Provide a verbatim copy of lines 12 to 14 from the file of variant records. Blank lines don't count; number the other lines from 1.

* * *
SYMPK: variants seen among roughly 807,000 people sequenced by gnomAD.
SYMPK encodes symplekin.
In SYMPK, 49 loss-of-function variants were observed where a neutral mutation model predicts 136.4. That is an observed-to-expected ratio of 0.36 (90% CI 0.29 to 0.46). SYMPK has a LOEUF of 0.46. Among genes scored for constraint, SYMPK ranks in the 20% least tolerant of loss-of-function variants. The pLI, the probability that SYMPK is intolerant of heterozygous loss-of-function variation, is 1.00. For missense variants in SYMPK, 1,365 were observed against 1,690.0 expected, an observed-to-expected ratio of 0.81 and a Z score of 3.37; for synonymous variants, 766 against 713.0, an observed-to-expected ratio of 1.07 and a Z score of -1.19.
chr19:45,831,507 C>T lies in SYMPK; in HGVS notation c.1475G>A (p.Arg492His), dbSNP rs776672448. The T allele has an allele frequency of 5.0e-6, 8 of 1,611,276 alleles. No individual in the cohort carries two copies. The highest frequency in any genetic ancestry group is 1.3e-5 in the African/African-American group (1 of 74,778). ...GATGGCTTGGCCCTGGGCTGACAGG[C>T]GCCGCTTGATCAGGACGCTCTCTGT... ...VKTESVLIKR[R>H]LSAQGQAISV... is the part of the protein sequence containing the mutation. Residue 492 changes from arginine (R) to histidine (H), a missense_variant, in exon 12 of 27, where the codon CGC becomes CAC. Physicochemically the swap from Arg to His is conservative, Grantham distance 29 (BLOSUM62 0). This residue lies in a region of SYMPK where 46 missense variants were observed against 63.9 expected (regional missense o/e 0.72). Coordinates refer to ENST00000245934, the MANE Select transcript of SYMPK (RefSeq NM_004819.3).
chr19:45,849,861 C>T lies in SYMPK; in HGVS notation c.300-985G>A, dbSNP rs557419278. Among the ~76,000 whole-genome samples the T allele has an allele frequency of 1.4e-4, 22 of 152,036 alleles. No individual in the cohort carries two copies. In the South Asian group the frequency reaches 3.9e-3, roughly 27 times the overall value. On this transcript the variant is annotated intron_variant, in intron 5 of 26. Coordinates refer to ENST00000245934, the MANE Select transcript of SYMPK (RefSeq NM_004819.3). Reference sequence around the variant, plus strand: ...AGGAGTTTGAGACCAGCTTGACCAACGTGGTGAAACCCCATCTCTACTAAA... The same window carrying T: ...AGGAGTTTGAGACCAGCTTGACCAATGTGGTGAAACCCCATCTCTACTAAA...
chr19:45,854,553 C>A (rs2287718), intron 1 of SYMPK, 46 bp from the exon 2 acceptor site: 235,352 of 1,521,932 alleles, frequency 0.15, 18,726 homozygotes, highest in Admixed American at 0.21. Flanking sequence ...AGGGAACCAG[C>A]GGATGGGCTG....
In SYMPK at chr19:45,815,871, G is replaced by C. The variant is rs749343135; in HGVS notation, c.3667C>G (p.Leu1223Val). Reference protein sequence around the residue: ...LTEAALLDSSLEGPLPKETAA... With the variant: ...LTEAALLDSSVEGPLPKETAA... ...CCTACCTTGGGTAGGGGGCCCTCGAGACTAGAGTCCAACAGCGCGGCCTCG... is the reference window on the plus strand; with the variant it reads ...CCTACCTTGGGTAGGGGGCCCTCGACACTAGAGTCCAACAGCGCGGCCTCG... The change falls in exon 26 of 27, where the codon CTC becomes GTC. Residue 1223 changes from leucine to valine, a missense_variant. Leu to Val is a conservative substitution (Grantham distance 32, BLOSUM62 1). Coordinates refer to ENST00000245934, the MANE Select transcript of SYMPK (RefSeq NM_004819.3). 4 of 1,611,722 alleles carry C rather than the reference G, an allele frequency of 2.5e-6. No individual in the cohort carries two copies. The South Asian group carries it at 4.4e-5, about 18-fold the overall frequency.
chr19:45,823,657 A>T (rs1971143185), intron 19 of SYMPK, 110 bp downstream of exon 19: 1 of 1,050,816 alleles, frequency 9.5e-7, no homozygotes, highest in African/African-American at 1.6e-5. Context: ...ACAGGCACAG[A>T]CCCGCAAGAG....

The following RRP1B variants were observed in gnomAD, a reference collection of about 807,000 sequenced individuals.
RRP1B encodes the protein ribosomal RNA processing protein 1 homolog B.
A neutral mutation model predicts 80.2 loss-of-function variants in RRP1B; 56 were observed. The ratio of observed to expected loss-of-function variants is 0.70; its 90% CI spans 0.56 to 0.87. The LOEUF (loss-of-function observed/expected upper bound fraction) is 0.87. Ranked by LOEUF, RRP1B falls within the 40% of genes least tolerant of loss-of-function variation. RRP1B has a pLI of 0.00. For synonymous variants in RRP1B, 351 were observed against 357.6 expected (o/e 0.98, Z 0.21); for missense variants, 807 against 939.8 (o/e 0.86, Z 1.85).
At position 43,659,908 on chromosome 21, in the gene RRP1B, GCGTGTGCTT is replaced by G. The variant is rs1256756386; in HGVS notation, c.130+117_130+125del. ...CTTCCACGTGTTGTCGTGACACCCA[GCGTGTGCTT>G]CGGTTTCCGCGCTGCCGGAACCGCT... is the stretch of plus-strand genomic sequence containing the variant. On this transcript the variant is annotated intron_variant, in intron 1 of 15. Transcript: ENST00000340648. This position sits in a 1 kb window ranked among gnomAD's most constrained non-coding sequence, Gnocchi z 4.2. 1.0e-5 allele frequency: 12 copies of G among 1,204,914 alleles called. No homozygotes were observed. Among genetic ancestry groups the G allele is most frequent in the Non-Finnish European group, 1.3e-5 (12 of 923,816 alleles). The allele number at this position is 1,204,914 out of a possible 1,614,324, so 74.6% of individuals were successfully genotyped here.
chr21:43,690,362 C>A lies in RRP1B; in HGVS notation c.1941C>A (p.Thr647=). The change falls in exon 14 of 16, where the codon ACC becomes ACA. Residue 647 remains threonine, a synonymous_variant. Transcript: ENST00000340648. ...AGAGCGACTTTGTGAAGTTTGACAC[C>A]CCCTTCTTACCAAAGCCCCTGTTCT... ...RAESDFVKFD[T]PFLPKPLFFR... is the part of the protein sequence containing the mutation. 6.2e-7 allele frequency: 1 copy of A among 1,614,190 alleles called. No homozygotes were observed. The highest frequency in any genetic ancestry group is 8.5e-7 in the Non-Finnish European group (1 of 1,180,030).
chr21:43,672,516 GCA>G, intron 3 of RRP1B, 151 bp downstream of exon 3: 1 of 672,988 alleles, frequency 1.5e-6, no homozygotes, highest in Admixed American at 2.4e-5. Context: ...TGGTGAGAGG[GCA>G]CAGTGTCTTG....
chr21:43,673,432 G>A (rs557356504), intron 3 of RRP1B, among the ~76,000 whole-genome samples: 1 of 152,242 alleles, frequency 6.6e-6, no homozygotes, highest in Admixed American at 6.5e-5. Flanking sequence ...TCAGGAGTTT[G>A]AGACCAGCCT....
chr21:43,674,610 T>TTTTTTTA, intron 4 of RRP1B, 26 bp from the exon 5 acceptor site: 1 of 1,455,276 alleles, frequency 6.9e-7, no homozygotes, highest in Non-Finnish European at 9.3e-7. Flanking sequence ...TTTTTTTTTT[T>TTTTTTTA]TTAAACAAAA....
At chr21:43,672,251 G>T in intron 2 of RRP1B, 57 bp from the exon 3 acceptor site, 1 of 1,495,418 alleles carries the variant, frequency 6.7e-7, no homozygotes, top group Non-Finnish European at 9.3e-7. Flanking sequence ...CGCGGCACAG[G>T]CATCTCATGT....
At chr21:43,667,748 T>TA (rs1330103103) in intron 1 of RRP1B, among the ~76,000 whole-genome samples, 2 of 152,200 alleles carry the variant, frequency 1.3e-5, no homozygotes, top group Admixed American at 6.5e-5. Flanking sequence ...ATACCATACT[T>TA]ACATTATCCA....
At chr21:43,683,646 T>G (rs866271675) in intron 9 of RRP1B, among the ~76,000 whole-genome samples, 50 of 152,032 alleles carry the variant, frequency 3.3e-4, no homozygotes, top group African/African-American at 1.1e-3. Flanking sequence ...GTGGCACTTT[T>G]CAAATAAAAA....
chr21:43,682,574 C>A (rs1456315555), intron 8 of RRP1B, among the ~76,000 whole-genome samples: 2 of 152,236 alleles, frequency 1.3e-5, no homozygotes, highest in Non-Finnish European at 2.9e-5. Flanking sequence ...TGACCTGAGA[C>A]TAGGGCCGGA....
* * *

At position 43,659,908 on chromosome 21, in the gene RRP1B, GCGTGTGCTT is replaced by G. The variant is rs1256756386; in HGVS notation, c.130+117_130+125del. ...CTTCCACGTGTTGTCGTGACACCCA[GCGTGTGCTT>G]CGGTTTCCGCGCTGCCGGAACCGCT... is the stretch of plus-strand genomic sequence containing the variant. On this transcript the variant is annotated intron_variant, in intron 1 of 15. Transcript: ENST00000340648. This position sits in a 1 kb window ranked among gnomAD's most constrained non-coding sequence, Gnocchi z 4.2. 1.0e-5 allele frequency: 12 copies of G among 1,204,914 alleles called. No homozygotes were observed. Among genetic ancestry groups the G allele is most frequent in the Non-Finnish European group, 1.3e-5 (12 of 923,816 alleles). The allele number at this position is 1,204,914 out of a possible 1,614,324, so 74.6% of individuals were successfully genotyped here.
chr21:43,690,362 C>A lies in RRP1B; in HGVS notation c.1941C>A (p.Thr647=). The change falls in exon 14 of 16, where the codon ACC becomes ACA. Residue 647 remains threonine, a synonymous_variant. Transcript: ENST00000340648. ...AGAGCGACTTTGTGAAGTTTGACAC[C>A]CCCTTCTTACCAAAGCCCCTGTTCT... ...RAESDFVKFD[T]PFLPKPLFFR... is the part of the protein sequence containing the mutation. 6.2e-7 allele frequency: 1 copy of A among 1,614,190 alleles called. No homozygotes were observed. The highest frequency in any genetic ancestry group is 8.5e-7 in the Non-Finnish European group (1 of 1,180,030).
chr21:43,672,516 GCA>G, intron 3 of RRP1B, 151 bp downstream of exon 3: 1 of 672,988 alleles, frequency 1.5e-6, no homozygotes, highest in Admixed American at 2.4e-5. Context: ...TGGTGAGAGG[GCA>G]CAGTGTCTTG....